We absolutely cannot act like our whole field is constantly attaining some level of ethical and professional perfection. We are educators, not saints. The reason that we have standards and competencies is because we need to work to meet them, not because becoming a student affairs professional comes with automatic immunity from making mistakes or acting human. It’s unfair and unreasonable to set up shaming systems that promote double standards of behavior. We talk constantly about living authentically. Authentic living includes mistakes. It also includes examining where judgmental reactions come from. Are we afraid that if people get turnt at conferences, we won’t be taken seriously as a field? Are we worried that such baseness will mar our prestige? Are we worried that this is making us look bad with our academic colleagues who are reading about us in The Chronicle? Because I promise you, they are turning up, too.

Of course, we need to promote and foster boundaries regarding ethical and professional behavior in all aspects of our supervision, mentoring, and role modeling. The behavior of student affairs professionals at conferences and in Yik Yak and other forums indicates something about the culture of our field, of our institutions, and of our association.

I’m willing to bet that the sources of these offending yaks were new professionals. And I feel fairly confident in saying that this is a symptom indicating that there are gaps that exist in either how we are socializing new professionals into the field or in how we enact vs. espouse our values. I think that it’s a little bit of both, to be honest. Responses to issues like this go beyond public shaming. Certainly, given the anonymity involved here, it is impossible to target specific individuals with caring and compassionate professional interventions. But perhaps that is for the best, because that challenges us to consider the way we hold ourselves at all times, with all colleagues, around social expectations, role modeling, and fostering reasonable and authentic standards of ethical behavior.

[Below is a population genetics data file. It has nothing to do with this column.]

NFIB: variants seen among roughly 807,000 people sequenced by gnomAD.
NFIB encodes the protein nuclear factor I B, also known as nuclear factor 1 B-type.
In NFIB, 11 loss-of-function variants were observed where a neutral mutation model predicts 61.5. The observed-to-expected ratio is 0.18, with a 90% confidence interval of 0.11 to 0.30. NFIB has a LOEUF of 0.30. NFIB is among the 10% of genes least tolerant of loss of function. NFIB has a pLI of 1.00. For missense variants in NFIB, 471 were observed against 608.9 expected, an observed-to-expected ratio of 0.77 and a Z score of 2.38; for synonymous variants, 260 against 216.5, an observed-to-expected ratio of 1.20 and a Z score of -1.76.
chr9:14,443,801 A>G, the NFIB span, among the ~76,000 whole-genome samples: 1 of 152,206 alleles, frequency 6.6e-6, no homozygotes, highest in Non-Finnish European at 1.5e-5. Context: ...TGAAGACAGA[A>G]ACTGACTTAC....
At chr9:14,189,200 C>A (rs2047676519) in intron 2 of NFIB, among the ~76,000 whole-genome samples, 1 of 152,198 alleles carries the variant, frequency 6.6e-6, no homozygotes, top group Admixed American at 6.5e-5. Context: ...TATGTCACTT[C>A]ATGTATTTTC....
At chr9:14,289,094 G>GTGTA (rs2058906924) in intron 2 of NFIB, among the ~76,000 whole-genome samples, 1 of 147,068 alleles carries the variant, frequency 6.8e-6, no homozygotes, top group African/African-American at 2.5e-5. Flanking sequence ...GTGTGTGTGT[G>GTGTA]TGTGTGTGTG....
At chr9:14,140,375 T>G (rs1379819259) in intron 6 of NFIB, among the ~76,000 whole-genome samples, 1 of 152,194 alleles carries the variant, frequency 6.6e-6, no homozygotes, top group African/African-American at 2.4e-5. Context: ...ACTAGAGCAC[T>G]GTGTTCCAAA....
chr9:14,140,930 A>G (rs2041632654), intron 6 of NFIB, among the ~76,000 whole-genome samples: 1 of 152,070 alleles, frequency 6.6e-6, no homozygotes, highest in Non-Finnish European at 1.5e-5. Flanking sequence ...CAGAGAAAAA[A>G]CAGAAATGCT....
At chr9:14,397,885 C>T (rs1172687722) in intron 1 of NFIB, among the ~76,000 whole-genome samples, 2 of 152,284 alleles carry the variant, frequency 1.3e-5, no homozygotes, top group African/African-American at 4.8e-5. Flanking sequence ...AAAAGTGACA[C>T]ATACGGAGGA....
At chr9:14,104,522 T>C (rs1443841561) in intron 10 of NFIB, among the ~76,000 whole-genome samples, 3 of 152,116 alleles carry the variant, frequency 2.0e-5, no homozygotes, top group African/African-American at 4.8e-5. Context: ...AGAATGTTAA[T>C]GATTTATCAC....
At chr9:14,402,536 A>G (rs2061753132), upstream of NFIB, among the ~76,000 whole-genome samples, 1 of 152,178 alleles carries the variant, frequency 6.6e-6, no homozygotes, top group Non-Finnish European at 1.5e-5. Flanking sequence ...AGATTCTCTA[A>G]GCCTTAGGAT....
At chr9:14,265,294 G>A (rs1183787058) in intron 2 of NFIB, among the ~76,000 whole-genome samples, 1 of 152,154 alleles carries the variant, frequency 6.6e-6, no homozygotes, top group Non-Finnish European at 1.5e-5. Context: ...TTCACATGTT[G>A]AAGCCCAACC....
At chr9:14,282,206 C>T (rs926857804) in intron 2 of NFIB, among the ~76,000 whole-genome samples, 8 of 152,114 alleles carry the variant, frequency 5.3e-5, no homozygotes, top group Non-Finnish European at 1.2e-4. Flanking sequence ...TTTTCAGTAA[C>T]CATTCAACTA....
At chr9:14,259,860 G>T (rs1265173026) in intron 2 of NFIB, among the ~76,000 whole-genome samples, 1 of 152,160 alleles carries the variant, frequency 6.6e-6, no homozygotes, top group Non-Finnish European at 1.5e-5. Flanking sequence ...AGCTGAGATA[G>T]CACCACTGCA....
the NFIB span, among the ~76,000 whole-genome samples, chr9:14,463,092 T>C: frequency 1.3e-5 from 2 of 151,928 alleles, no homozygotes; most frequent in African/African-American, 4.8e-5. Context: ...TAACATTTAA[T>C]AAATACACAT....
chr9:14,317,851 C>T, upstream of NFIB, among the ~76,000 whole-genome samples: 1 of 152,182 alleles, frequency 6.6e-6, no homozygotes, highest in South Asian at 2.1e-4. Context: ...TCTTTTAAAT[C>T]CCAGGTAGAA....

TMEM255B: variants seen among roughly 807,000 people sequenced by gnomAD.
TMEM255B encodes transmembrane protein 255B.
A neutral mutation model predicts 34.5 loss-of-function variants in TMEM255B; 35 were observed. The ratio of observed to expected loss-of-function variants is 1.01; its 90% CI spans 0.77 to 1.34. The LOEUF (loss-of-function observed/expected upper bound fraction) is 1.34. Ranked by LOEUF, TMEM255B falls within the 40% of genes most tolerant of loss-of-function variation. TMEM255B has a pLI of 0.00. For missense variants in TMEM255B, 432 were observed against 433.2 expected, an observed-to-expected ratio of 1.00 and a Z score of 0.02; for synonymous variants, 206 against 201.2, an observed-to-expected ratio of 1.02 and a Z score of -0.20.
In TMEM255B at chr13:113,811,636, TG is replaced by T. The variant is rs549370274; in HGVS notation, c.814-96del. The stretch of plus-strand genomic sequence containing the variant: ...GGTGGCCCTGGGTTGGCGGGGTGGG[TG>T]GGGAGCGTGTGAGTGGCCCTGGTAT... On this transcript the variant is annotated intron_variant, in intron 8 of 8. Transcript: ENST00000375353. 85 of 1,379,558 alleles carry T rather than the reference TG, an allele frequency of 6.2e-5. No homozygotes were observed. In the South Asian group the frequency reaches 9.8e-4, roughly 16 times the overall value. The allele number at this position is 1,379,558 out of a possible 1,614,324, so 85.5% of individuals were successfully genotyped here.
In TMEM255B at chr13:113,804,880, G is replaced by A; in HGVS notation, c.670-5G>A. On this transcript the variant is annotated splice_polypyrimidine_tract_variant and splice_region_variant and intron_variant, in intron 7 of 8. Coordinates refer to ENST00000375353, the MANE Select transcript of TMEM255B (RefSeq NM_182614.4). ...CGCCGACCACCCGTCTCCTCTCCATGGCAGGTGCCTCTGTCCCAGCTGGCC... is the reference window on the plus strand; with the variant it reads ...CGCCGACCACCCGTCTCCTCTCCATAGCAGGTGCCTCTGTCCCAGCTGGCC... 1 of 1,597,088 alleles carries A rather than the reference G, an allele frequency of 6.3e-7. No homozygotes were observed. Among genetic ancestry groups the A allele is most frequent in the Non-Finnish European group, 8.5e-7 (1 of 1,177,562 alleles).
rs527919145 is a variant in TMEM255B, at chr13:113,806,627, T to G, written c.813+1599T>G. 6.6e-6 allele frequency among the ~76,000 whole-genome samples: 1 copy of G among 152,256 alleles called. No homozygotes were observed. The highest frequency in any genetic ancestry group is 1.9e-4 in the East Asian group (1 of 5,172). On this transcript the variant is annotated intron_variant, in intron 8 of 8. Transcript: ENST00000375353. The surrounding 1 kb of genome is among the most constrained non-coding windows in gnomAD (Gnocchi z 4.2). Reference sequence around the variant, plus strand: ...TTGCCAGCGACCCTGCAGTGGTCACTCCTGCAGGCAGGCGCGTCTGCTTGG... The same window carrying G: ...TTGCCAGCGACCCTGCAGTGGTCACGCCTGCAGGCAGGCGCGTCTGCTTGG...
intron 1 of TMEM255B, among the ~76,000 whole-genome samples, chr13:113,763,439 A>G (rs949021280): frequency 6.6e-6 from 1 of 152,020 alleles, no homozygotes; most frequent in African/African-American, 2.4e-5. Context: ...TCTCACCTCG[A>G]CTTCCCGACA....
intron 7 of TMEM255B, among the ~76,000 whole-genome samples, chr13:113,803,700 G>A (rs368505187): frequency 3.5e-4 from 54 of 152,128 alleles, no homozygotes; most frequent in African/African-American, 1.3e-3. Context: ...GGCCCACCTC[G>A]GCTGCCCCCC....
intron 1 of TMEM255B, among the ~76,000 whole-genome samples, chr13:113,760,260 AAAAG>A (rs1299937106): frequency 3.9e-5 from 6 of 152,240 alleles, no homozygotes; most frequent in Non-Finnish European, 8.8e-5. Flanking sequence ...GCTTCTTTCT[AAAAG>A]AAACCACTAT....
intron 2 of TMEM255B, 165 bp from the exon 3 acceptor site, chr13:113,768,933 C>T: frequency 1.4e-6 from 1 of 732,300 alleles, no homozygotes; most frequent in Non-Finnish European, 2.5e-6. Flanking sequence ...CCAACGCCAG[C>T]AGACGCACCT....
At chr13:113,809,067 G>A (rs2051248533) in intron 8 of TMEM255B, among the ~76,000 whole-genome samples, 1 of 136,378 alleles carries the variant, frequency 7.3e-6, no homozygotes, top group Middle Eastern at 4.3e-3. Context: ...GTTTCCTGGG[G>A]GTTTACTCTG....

“Honey! I’m Home!”: Making the Most Post-Conference

I am fresh off of the NASPA Region 1 annual conference right now. (For the record, I had a GREAT time. I love  NASPA. I consider Region 1 Conference to be one of my favorite holidays of the year). It’s only been 5 hours  since we finished “Honoring Our Mission” in Mystic, CT and I’m probably safe in speaking on behalf of all 500+ conference attendees in saying that I’m pretty darn tired. I already took a power nap, in fact. But I’m still thinking hard about how to make the most of my conference experience because it doesn’t end when you go back to campus.

That’s right. The conference is not over. The point of these conferences, of course, is that we bring something back with us (by “bring back”, I mean more than a sweatshirt, t-shirt, coffee mug, PEZ dispenser, and 2 strips of photo booth pictures). I just spent 3 days meeting new people, reconnecting with friends and colleagues, thinking about the field, my career, the future, and the past. The amount of reflection, inquiry, discussion, and relationship building I did at this conference is rarely present in my day-to-day life, and I have no intention of just letting all of that effort fade away.

I’m going to hold myself to some expectations for making the most out of my Post-Conference experience, starting right now, and I challenge all of you to do the same. Here are some of my tips for doing so:

  1. The road to hell is paved with ignored business cards.  Does anyone ever give you a business card at a conference and say “Hey, here’s my card, I hope that you throw it in the bottom of your bag and accidentally find it next August during RA Training and think about how you never emailed me”? No? Well then, don’t do that. If you had a good conversation with someone, follow up. Do it now before you forget what the heck you talked to that person about. Shoot them an email just to say “Hey, it was great to meet you/ see you again/ talk about (_______)”. Look them up on Twitter or LinkedIn. Short conversations at conferences can be the beginning of great relationships that expand your network, help to make friends, and benefit you throughout your career.